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Old 10-02-2007, 04:08 PM   #101
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That looks like a blow-up doll for someone with an imitation chocolate milk and male wrestler fetish...
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Old 10-02-2007, 04:42 PM   #102
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Good Goddess, this thread is diabolical.

Blow up dolls? Synthetic pork making? Have HFWR and ladefina teamed to find the solution to the bad taste in milk and doesn't it play right back into MY original premise.

Sex alters taste.
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Old 10-02-2007, 09:57 PM   #103
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Originally Posted by ladelfina View Post
A problem with OGM corn for example, though, is that the pollen goes all over.
OK, but how is that different from non-GM crops? They spread their pollen also.
Quote:
Other strains are solely designed to create a pipeline for sales of proprietary pesticides or weedkillers.
The cases I'm aware of, those weedkillers are more environmentally friendly than the proprietary weedkillers they replace. Isn't that a win-win?

Quote:
When you have an OGM crop that kills off pests, it could also negatively affect other beneficial insects, or populations of birds and other animals that might need those pests to live, so you affect a whole ecosystem. I'm not saying the human payoff may not be there, but we have to be attuned to, and prepared for, unintended consequences.
Well that could be, but I don't know where we draw the line. Organic farmers use pesticides too. They use other practices to eliminate pests. So that could impact the environment also. Some studies indicate that large scale organic farming would require a 1/3 or more land to be cultivated. There is a downside to that also. The GM crops that produce their own pesticides are just using the genes from other organisms that produced those pesticides. In fact, GM crops produce Bt, which is a pesticide that organic farmers use. Except, the GM plant produces it where right where it is needed, rather than getting sprayed all over.


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The apparently bucolic landscape in which I currently live is actually extremely sterile. There are virtually no worms, no squirrels/chipmunks/raccoons or any of that sort of thing. Many bird species have been killed off (even tiny songbirds) due to their apparent tastiness factor.
Humans did that. You want to go somewhere with teaming natural wildlife? Visit (for a very short time!), the Chernobyl area. Since there are no humans there, the wildlife has come back in force, and no, they don't have three heads. No, I don't think that's a good solution (had to say that before greg started typing a response!), but maybe we should ask the animals?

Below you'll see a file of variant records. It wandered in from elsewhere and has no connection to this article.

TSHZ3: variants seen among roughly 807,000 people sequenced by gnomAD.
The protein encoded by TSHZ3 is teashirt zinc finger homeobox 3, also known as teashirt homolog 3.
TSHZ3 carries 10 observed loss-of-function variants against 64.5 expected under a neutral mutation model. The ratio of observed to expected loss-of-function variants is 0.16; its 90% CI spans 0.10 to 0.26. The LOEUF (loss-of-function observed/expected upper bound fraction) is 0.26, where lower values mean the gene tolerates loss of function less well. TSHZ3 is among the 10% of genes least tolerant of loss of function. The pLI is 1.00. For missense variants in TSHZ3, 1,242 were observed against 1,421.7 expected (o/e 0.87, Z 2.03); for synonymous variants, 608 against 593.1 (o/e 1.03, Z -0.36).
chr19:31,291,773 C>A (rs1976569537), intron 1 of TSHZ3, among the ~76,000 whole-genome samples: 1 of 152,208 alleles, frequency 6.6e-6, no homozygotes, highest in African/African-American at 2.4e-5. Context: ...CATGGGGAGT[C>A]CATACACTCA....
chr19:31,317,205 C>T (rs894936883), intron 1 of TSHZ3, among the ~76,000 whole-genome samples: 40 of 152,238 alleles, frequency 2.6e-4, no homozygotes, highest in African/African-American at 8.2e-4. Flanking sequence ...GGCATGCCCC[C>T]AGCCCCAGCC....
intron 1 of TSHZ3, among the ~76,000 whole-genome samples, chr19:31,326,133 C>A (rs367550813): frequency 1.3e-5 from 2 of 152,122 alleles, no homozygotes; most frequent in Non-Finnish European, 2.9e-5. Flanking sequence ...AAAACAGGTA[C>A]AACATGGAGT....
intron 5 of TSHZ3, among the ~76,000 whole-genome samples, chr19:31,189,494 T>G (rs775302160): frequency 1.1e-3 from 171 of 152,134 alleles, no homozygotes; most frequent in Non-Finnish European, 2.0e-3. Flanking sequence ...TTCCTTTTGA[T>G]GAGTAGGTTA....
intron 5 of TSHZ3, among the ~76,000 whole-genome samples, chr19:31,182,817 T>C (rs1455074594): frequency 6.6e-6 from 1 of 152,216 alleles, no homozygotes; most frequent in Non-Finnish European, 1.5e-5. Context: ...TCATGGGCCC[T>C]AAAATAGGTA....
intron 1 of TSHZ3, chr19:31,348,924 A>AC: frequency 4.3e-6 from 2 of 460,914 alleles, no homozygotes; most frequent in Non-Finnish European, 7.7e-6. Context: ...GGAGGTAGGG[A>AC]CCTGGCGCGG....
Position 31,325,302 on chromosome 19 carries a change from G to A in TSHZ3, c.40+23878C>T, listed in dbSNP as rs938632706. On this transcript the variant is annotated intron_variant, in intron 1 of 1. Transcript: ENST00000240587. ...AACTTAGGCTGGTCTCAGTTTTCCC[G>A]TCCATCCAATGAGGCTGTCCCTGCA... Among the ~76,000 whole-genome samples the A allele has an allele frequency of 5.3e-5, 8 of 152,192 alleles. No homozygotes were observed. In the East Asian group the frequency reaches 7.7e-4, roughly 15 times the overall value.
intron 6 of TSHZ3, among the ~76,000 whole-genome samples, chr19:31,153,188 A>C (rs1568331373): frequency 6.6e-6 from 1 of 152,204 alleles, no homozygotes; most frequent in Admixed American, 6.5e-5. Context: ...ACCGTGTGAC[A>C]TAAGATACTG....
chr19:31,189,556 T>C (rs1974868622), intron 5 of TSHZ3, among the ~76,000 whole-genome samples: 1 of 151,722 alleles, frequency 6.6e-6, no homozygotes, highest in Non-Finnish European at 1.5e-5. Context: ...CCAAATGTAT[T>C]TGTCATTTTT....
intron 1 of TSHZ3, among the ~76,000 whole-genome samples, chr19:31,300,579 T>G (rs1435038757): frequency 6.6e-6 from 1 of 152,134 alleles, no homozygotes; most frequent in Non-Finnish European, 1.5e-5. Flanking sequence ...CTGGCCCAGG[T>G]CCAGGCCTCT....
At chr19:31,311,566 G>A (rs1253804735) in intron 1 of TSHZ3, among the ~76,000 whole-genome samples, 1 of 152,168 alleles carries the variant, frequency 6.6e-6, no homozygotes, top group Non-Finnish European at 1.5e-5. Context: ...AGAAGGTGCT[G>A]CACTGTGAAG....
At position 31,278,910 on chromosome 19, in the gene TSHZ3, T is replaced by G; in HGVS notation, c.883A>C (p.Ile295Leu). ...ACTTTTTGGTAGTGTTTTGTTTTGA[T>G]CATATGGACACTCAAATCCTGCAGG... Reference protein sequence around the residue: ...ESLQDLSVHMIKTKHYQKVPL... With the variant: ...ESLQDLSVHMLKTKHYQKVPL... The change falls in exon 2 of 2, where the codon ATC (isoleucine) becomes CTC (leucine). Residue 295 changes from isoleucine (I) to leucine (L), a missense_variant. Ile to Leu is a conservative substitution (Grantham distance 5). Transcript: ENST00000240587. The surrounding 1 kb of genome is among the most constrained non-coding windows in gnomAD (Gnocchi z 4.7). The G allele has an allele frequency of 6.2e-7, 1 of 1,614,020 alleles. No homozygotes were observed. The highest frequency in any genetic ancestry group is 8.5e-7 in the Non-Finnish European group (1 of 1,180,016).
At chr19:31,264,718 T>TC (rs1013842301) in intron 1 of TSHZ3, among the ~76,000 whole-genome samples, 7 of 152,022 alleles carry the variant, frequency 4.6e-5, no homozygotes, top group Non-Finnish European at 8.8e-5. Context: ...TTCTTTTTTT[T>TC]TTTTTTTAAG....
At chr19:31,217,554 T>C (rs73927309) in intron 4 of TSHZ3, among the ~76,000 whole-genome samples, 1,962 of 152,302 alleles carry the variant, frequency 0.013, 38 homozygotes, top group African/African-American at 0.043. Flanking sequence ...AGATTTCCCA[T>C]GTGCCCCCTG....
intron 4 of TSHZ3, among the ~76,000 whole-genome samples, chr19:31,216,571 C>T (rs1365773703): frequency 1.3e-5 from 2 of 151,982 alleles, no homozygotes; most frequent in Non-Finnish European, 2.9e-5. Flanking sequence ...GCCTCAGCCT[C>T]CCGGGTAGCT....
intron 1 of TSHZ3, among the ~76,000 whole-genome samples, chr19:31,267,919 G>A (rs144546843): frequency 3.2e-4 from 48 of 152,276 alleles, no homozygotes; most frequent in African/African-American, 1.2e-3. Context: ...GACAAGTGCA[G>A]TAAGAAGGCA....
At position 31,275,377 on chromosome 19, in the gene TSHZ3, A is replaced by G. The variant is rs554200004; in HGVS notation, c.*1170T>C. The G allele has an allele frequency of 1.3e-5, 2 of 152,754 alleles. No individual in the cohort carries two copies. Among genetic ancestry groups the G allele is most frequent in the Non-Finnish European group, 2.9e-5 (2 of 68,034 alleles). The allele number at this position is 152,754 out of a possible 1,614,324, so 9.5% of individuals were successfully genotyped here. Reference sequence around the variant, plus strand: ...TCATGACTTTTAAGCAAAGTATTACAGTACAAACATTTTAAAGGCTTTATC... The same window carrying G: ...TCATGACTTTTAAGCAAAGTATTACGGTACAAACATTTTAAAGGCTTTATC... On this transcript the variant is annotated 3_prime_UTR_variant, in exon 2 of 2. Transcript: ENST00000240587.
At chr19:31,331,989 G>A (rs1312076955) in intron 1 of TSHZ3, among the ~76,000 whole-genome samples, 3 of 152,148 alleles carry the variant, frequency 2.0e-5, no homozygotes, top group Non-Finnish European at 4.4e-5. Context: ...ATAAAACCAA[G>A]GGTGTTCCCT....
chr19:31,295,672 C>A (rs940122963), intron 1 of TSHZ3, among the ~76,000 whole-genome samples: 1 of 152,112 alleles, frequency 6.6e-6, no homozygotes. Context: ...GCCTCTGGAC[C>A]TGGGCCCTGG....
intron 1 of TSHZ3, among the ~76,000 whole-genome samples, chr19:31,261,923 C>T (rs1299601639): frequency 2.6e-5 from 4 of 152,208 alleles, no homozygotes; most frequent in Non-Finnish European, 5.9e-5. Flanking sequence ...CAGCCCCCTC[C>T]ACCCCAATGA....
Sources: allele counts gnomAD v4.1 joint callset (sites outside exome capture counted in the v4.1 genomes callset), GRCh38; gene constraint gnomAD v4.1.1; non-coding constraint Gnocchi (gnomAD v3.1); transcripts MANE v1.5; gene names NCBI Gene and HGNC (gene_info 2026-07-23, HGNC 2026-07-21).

Quote:
Sorry if someone has posted this elsewhere here:
Dutch boffins tout green petri-dish synthetic meat | The Register
OK, you hit my limit with that one! I'll take a nice tasty, juicy conventionally grown Apple any day!

-ERD50
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Old 10-02-2007, 10:33 PM   #104
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Originally Posted by HFWR View Post
That looks like a blow-up doll for someone with an imitation chocolate milk and male wrestler fetish...
I didnt realize there was a market....Is that thing wearing a Bro....no it must be a manzier...
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Old 10-03-2007, 04:25 AM   #105
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ERD50, those are all good points (except for the one about regular corn pollination; I don't think anyone has been subject to lawsuits for the sheer bad luck of their corn having been passively pollinated by a non-patented strain..). It's true change happens for a number of reasons.

I think (w/r/t genetic modification) that the fear comes from change happening more rapidly than our capacity to absorb and monitor it, both physically/scientifically and psychologically. Also, you have to take into account the fact that it is seen as coming in a big, powerful top-down way. If "we" eat all the little songbirds then "we" are guilty; if Monsanto acts in such a way as to guarantee there's no longer any corn on the planet free of their patented modification.. "we" don't have any control over that. It's easier to blame "them" than "us".. (rightly or wrongly) even if the results are similar.